question Can we buy movie names as a domain name?

Spaceship Spaceship

Akash Agrawal

Established Member
I recently came across a good brandable domain name of .com extension with monthly traffic of 50K+. Later I searched and found that, that is the movie name.

so can we buy that type of domain name?
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Whether something is, or is not, a "movie name" is not significant.

We are usually interested in two questions: (a) what is your motivation for buying the domain name, and (b) does that motivation relate to whether the domain name is a trademark.

First off, the title of a movie is not - merely as being the title of a movie - a trademark. Now, certainly, the title of a movie can be a trademark. If there had been one movie called "Star Wars" and that was all, then it would just have been a movie title. But, the term "Star Wars" is a trademark for a series of movies, several lines of merchandise, etc., such that the market expectation is that anything with "Star Wars" on it is derived from the same authorized source.

Looking at the list of top earning movies here, one can make a number of observations, and I'll pick a few examples to make relevant points:


Obviously "frozen" is an ordinary word. It is also the title of a Disney film, but so what. The mere fact that Disney used it as a movie title did not give them possession of a dictionary word, any more than the fact that they made movies out of pre-existing folk tales that were around long before Disney, such as Sleeping Beauty, Aladdin, etc.. Sure, if you registered those names and used them in some way that suggested an association with Disney there would be a problem. But if "frozen" is merely registered as a dictionary word used for things that are in a solid state at low temperature, then you would not have to let it go.

Captain Marvel

Captain Marvel has no meaning apart from its use to identify media products owned by Marvel Comics (or whatever corporation gobbled up those rights). Obviously, if someone registered this domain name, it would be highly likely they did so because they were motivated by the commercial success which the Captain Marvel comics, movies, toys, etc. have obtained.


When I first heard about this movie, I thought it would be a bomb. The movie title, however, is simply the surname of the scientist whom the movie is about. It continues to be used as a surname by lots of folks, including a mutual fund company, etc., but again, merely naming the movie after its subject does not render any use of the name Oppenheimer to be a violation of any "trademark rights" in the movie title.

Harry Potter

Don't even think about it. If you use this one, Warner Brothers will come after you relentlessly. You'll have to change your identity and location to hide from them. Just don't change your gender, or JK Rowling will come after you too.

Independence Day

This is a popular holiday in a lot of countries who celebrate their independence from one thing or another. Again, the fact that it was used as a movie name does not make it the exclusive property of the owners of the movie.

You can go through the list I've linked and make your own conclusions about movies with titles like "Up" versus movies with titles like "Barbie".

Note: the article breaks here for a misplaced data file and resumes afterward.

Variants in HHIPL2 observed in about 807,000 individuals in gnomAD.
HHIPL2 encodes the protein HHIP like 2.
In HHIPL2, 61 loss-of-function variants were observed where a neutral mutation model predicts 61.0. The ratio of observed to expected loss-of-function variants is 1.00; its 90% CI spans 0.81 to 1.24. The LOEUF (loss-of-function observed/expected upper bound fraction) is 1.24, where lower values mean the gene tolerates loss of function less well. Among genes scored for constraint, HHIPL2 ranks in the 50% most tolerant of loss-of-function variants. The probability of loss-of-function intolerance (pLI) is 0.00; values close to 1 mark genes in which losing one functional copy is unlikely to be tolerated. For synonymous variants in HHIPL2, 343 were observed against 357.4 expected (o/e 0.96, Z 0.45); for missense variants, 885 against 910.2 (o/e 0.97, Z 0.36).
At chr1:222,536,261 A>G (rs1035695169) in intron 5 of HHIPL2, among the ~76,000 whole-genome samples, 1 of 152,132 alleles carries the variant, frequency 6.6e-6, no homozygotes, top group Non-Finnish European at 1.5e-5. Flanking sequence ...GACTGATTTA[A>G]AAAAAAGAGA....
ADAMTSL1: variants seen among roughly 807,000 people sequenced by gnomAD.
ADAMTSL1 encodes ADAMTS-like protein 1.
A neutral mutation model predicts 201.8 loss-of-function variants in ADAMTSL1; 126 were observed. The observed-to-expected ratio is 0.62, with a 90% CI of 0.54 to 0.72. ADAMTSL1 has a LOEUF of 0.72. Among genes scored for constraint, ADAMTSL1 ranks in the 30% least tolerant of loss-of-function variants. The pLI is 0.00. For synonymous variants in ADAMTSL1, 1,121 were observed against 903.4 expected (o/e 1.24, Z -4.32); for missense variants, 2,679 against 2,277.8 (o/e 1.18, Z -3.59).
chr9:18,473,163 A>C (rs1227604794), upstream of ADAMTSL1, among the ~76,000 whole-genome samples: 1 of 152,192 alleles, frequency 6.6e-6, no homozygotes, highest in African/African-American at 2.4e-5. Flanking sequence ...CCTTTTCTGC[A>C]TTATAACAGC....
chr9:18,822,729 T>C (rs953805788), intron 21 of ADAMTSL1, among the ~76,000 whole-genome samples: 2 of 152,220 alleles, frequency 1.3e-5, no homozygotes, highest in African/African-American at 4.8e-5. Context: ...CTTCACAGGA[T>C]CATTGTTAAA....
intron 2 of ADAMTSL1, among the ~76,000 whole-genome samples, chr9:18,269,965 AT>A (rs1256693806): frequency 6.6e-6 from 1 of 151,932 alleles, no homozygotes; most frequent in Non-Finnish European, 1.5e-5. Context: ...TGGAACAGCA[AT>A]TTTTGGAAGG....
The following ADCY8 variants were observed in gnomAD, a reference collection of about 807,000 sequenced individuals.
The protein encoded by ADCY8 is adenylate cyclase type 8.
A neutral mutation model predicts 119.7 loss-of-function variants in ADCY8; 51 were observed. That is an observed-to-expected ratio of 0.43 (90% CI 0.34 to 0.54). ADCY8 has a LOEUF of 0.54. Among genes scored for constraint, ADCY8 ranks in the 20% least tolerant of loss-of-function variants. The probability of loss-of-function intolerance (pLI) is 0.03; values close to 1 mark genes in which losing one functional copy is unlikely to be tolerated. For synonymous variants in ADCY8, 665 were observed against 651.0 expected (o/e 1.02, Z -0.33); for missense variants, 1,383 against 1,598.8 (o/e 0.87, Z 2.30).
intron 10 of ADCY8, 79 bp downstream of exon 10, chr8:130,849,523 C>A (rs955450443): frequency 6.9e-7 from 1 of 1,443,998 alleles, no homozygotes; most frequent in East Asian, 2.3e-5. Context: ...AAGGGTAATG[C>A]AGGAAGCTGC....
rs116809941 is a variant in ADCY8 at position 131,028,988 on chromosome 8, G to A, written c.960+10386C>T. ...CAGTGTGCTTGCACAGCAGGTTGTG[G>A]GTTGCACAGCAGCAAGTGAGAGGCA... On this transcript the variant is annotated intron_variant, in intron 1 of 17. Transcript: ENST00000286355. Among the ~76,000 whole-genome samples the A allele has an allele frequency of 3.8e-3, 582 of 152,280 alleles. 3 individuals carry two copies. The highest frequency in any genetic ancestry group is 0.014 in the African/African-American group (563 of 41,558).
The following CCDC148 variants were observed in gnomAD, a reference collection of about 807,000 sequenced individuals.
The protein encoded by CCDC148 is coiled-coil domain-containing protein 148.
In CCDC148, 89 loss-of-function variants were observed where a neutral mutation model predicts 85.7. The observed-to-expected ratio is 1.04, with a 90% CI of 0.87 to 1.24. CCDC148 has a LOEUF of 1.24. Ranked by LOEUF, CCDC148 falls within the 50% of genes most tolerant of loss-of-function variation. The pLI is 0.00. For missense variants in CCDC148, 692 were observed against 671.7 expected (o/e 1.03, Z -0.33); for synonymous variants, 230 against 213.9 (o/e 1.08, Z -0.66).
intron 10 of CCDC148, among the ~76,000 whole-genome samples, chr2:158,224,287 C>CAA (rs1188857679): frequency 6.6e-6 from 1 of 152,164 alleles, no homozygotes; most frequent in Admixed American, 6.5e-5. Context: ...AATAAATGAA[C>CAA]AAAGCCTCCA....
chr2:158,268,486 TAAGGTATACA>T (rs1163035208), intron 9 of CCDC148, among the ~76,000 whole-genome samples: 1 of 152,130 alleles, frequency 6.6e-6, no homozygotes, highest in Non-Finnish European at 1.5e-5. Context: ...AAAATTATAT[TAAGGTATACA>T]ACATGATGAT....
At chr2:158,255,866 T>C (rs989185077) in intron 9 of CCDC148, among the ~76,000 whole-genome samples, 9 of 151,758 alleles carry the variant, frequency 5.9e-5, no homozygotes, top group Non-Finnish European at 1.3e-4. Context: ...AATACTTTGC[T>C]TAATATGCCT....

One of my cases involved a movie title. In the 1970's, there was a pornographic movie called "Deep Throat" which attracted a lot of media attention. The current owner of rights in the movie brought a UDRP case against the owner of the domain name, claiming that the use of "Deep Throat" for adult material violated their claimed trademark rights. So, this case addresses the distinction between "when is a movie title a trademark and when is it not":

Arrow Productions, Ltd. v. Caladonia Ltd., Domain Manager
Claim Number: FA0807001213977

Complainant is Arrow Productions, Ltd. (“Complainant”), represented by Anna M. Vradenburgh, of Piccionelli & Sarno, California, USA. Respondent is Caladonia Ltd., Domain Manager (“Respondent”), represented by John Berryhill, Pennsylvania, USA.

The domain name at issue is <>, registered with Moniker Online Services, Inc.


The Panel accepts Complainant’s contention that the motion picture title, “Deep Throat,” has been well known, even famous (or infamous), throughout the world for approximately 35 years. However, motion picture titles are seldom connected in the public mind with the producers or even directors of those movies. This seems to be particularly true of pornographic motion pictures. Certainly, the public may associate some general audience movies with their creators: “Snow White and the Seven Dwarfs,” “Bambi” and “Fantasia” are associated with The Walt Disney Company; and “Star Wars” with George Lucas. But, it is the opinion of the Panel, that throughout its long and infamous history, “Deep Throat,” like virtually every other pornographic motion picture, has never been associated exclusively with any particular production entity, including Complainant or Complainant’s predecessor-in-interest.

Given that the Panel finds that there was no exclusive association between “Deep Throat,” as a movie title or trademark and Complainant in 1997, the Panel is convinced that Respondent’s predecessor-in-interest most likely registered the name in good faith.

You can buy anything you want.
Cutthroat alley is name of a movie, but if you use 4 domain marketplace you should have no issues
Before OTT platforms, many movies used to have .coms, fansites, merchendise sites.
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